A Chicago ordinance prohibiting anyone, even protesters, from remaining overnight in Grant Park without a special city permit is constitutional, the Illinois Supreme Court has ruled, rejecting contentions from lawyers for left-wing protest groups that the state constitution grants broader rights to assembly than does the U.S. Constitution.
On June 15, the state’s high court justices ruled 6-1 to back a state appeals court’s findings a Cook County judge had erred in finding unconstitutional a city ordinance allowing Grant Park to “close” for seven hours each night, which the city used several years ago to justify police actions to block protestors from camping in Grant Park.
Justice Rita B. Garman authored the majority opinion. Chief Justice Lloyd A. Karmeier and justices Robert R. Thomas, Anne M. Burke, Mary Jane Theis and Charles E. Freeman concurred.
Justice Thomas L. Kilbride dissented, saying he believed the city did not offer enough justification for the ordinance or its actions in response to the protesters.
The case landed in the courts nearly five years ago, after the city of Chicago expelled a group of protesters associated with the left-wing Occupy movement from Grant Park in October 2011. That month, protests in Chicago, as part of the nationwide Occupy movement, had swelled to several thousand daily, with a sustained presence 24 hours a day on downtown city streets. On Oct. 15, protesters announced their intent to “occupy” Grant Park.
Over two successive weekends that month, however, the Chicago Police Department arrested more than 300 protesters, when Occupy protesters refused to obey repeated police orders or heed multiple warnings to leave the park hours after it “closed,” under the city ordinance.
The protesters then challenged the ordinance, saying it unconstitutionally violated their rights to assemble.
Cook County Judge Thomas More Donnelly initially sided with the protestors, finding the city’s ordinance barring use of Grant Park from 11 p.m. to 6 a.m. was an unconstitutional infringement on citizens’ rights under the U.S. and Illinois constitutions, and particularly those of the Occupy protestors, who wished to use the park to assemble for their protests against what they believed to be injustices within the U.S. economic and political systems.
City Hall appealed the ruling, arguing its ordinance was justified under the goal of allowing the city to preserve and maintain the park for public use, which they said was a legitimate government interest. And the city argued the ordinance did not block the protesters from marching – only from setting up camp in Grant Park.
On appeal, the Illinois First District Appellate Court twice overruled Judge Donnelly, first in December 2014, and again 12 months later, after the Illinois Supreme Court ordered the panel to take another look at the case in light of the Occupy plaintiffs’ First Amendment claims.
The protesters then appealed the matter to the state high court, which also upheld the city ordinance.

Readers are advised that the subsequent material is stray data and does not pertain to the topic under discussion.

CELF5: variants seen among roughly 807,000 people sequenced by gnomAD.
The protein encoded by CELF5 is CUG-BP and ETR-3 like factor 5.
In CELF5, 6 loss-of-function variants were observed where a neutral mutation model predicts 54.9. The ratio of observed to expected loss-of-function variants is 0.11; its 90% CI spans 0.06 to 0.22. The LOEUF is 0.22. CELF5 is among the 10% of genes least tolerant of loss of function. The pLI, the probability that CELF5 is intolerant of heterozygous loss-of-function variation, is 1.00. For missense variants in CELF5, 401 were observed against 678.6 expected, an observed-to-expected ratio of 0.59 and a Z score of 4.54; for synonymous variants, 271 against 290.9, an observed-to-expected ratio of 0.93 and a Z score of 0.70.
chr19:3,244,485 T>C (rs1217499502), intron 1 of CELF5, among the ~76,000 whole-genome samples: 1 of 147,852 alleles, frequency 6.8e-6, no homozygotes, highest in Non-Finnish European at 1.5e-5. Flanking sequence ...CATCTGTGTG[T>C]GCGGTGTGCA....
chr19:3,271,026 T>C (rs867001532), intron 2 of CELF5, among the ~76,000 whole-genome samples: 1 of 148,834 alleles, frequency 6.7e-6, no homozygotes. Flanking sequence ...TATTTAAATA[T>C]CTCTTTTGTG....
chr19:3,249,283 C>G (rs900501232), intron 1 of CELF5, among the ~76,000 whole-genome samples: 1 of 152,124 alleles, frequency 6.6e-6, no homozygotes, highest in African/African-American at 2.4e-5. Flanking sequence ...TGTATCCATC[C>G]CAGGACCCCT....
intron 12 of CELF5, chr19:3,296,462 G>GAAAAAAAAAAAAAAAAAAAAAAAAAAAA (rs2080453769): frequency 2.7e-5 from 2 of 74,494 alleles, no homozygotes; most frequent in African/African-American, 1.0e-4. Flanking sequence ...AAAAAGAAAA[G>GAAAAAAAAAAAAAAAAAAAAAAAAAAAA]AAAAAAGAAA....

In the majority decision, the justices centered their ruling on the protesters’ contentions the Illinois constitution – which grants to state residents the “right to assemble in a peaceable manner, to consult for the common good, to make known their opinions to their representatives and to apply for redress of grievances” - grants them more expansive assembly rights than under the U.S. Constitutions. The protesters had argued this meant their rights to assemble should not be subject to the same “time, place, manner” restrictions as is applied now under federal case law.
The majority justices, however, rejected those claims.
“We .. hold that because the two provisions are virtually identical in language and were intended by the drafters of the Illinois Constitution of 1970 to express the same meaning, the right to assemble guaranteed in article I, section 5, of the Illinois Constitution of 1970 is to be interpreted and applied in lockstep with the federal precedents interpreting and applying the assembly clause of the first amendment of the United States Constitution,” the justices wrote.
While the protesters asserted the overnight parks ban also violated their rights to “consult for the common good” and “to make known their opinions to their representatives,” the justices said the protesters failed to connect “their desire to exercise these rights and the need to gather together in Grant Park during the overnight hours.”
They “argue only that their right to consult with ‘passers-by’ for the common good is impaired by the park’s closing, when law-abiding members of the public would not be present,” the justices wrote.
In his dissent, however, Kilbride said the majority had stretched the city’s arguments too far, saying the record in the case was too sparse to simply let it rest. While he agreed the city is permitted under the constitutions of the U.S. and Illinois to craft “time, place, manner” restrictions on assembly, Kilbride said the majority needed to do more to show that the city’s particular ordinance, as applied to the Occupy protesters, passes constitutional muster.
“Notably, the records contains minimal evidence on the most critical issues in this case – whether, as applied to (the protesters’) case, the ordinance’s nightly closing of Chicago public parks is narrowly tailored to serve a significant government interest and whether it allows ample alternative channels for communication,” Kilbride wrote.
He said he believed Judge Donnelly’s ruling had been “premature.”
“The constitutional right to assembly guaranteed to our citizens under the Illinois Constitution is central to a healthy democracy and must be zealously guarded,” Kilbride wrote. “I disagree with the majority’s implicit acceptance of the City’s meager justification for the restriction on defendants’ constitutional rights to expressive assembly.”